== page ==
While “Information intended for foreign audiences” (such as Voice of America – VOA programs) “may, upon request and reimbursement of the reasonable costs incurred in fulfilling such a request, be made available, in the United States,” Section 1078 of National Defense Authorization Act (NDAA) for Fiscal Year 2013 (U.S. Public Law 112-239) also says that “No funds authorized to be appropriated to the Department of State or the Broadcasting Board of Governors shall be used to influence public opinion in the United States.”
By U.S. law, knows as the Smith-Mundt Modernization Act of 2012, the Broadcasting Board of Governors (BBG) and the Department of State are not authorized to use taxpayers’ money to influence public opinion in the United States or to otherwise propagandize to Americans. It appears, however, that the Voice of America (VOA) is now spending public money to help distribute its programs specifically to American citizens and U.S. residents and to promote such domestic distribution of VOA programming.
A press release, issued by the Voice of America on May 30, 2013, strongly suggests that VOA executives have spent U.S. taxpayers’ money to specifically arrange for domestic distribution of VOA programs intended for foreign audiences. They definitely appear to have used U.S. taxpayers’ money to promote U.S. domestic distribution and domestic reception of VOA programs despite a prohibition on using appropriated funds “to influence public opinion in the United States.”
U.S. government officials and employees, whose salaries are paid by U.S. taxpayers, appear to have been definitely actively involved in making arrangements with a private firm for domestic distribution of VOA programs. Targeting American citizens with VOA programs designed for foreign audiences is still against the law if appropriated funds are used. Any BBG payments using appropriated funds to any organization to make VOA programs available specifically in the United States would be illegal, while such payments to make VOA programs available outside of the United States are legal. They are concerned that U.S. government officials may be wasting taxpayers’ money for purposes not authorized by Congress.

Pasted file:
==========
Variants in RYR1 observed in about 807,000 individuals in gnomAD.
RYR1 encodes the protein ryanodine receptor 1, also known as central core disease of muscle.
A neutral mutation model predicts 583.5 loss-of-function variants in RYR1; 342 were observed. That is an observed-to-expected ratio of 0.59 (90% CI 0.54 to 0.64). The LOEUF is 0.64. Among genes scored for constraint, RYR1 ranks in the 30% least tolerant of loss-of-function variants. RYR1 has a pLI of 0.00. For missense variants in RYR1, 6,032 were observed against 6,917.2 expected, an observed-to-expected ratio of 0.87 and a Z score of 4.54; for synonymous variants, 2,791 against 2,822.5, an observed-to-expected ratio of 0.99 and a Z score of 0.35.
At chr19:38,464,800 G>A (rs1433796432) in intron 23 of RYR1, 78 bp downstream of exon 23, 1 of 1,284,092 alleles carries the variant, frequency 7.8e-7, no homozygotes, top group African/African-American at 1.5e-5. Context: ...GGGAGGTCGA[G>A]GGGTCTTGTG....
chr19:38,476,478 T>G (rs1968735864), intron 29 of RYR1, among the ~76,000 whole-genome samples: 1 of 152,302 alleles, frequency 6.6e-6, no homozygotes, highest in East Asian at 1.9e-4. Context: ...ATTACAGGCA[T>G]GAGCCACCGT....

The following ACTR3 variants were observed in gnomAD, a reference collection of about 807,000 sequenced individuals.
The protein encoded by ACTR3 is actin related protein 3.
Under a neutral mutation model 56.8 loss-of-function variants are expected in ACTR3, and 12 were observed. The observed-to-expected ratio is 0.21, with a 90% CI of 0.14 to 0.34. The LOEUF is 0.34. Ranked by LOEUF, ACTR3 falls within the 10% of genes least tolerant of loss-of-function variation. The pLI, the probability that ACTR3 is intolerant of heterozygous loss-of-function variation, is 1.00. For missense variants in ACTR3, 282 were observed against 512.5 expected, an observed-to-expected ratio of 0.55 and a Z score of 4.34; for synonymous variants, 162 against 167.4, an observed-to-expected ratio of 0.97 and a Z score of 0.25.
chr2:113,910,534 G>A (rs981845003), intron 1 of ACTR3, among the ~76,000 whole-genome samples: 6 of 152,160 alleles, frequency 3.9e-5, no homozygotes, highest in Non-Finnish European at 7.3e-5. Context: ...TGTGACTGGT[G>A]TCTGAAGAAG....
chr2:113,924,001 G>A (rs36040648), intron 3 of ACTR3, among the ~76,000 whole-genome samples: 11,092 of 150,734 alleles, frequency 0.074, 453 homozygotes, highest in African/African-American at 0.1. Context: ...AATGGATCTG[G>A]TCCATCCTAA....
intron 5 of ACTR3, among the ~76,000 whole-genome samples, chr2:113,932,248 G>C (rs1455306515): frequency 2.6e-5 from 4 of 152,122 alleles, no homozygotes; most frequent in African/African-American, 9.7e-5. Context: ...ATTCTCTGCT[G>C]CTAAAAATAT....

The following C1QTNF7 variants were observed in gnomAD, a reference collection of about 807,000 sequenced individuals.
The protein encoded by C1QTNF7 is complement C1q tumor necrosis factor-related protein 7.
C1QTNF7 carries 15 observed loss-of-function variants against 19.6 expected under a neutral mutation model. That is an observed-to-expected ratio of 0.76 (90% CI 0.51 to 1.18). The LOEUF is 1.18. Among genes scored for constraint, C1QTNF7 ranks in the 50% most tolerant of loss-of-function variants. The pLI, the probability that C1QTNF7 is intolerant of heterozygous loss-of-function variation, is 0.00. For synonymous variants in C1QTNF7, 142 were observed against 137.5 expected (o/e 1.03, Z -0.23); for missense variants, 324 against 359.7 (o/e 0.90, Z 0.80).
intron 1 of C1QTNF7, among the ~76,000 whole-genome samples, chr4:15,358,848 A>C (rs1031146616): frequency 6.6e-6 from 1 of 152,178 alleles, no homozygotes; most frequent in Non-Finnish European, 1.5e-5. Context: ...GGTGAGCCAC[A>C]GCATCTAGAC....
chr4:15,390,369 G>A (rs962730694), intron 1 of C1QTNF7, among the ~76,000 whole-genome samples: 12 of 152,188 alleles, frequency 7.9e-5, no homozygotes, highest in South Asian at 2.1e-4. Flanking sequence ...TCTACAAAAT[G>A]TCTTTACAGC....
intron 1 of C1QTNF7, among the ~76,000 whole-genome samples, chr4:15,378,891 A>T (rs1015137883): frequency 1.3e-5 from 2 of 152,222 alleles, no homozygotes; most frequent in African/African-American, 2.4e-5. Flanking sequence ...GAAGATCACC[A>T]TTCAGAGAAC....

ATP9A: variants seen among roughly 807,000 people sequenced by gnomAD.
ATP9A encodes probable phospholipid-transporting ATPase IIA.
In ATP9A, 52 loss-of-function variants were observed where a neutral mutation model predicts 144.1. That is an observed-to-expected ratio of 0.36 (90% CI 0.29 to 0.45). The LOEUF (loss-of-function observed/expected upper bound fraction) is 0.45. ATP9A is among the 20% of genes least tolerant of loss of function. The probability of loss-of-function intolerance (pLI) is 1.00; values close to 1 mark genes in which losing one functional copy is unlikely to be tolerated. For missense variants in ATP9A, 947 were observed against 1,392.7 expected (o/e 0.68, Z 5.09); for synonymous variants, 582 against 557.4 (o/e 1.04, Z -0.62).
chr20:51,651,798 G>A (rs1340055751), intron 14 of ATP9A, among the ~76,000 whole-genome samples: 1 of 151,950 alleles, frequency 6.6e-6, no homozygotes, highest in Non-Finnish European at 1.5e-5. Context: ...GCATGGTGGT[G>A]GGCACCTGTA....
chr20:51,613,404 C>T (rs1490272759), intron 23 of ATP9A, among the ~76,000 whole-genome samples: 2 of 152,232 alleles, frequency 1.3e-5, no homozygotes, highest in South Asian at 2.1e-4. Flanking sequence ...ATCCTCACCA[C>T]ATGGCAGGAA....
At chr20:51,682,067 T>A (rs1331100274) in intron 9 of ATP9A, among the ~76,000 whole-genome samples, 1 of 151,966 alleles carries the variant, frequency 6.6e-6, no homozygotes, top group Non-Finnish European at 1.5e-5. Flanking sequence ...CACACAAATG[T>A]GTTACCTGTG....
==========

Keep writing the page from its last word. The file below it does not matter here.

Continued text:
The key issue is whether U.S. taxpayers’ money is being spent by Voice of America executives or other Broadcasting Board of Governors (BBG) employees to actively target Americans for reception of VOA programs. The question to be asked of VOA executives is who paid for setting up domestic U.S. phone numbers to access VOA programs and whether any appropriated U.S. funds were used to make these arrangements.
Critics have pointed out that the U.S. law permits VOA and other BBG employees to make VOA programs available for U.S. domestic distribution upon request, but if these government officials are also making active efforts to arrange for and promote U.S. domestic distribution of VOA programs, they may be violating at least the spirit of the U.S. law, these critics say.
“We are delighted that for the first time in its 72 year history VOA broadcasts will now be available inside the United States,” a Voice of America press release quotes VOA Director David Ensor as saying. “There are so many people in diaspora communities in this country who want to hear news in their own language, and we can provide it,” David Ensor is further quoted as saying.
At least the tone of the VOA press release suggests that VOA officials have been actively involved in trying to target specific U.S. communities. Whether this is legal or not remains to be seen. It could be Somali Americans now that U.S. government officials are interested in influencing, but tomorrow it may be another group of U.S. citizens and residents, critics warn.
It is perfectly legal for Americans to access VOA programs on the Internet or to call phone numbers set up for foreign audiences to listen to VOA programs on mobile phones. Critics point out, however, that setting up phone numbers specifically for Americans to listen to VOA programs would be illegal if appropriated U.S. funds are being used for that purpose. They point out, however, that they are not lawyers and do not offer any legal analysis or legal advice.